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Population and Land Degradation

  • By: Julia Mambo
  • In: Encyclopedia of Geography
  • Edited by: Barney Warf
  • Subject:General Geography, Earth & Environmental Science

The debate about population and land degradation has spanned decades, if not longer, with contrasting perceptions of whether people are victims of land degradation or land is a victim of anthropogenic influences. While the debate rages on, the impacts of land degradation on human well-being and development are self-evident. Land degradation is commonly defined by the United Nations Convention to Combat Desertification (UNCCD) as the reduction or loss of biological and economical productivity and of the complexity of terrestrial ecosystems. This includes soils, vegetation, other biota, and the ecological, biogeochemical, and hydrological processes that operate within ecosystems. This definition does not characterize degradation as entirely anthropogenic, despite unsustainable land use by humans being a key driver of land degradation.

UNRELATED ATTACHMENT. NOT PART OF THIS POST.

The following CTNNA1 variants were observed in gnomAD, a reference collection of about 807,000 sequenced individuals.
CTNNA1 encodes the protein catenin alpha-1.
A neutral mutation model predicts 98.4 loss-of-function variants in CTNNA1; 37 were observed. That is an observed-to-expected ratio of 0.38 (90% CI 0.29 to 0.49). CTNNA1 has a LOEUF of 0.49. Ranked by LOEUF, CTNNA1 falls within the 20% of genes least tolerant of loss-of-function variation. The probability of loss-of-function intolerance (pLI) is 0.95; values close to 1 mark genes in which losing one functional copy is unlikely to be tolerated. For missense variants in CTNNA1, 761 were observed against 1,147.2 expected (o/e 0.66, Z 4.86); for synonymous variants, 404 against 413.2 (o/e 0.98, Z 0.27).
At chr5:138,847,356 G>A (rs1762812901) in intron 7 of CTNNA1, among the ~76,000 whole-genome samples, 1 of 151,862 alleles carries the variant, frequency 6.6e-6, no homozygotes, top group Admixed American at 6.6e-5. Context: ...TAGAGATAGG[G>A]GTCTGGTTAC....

Population Growth

Human population growth has been cited ...

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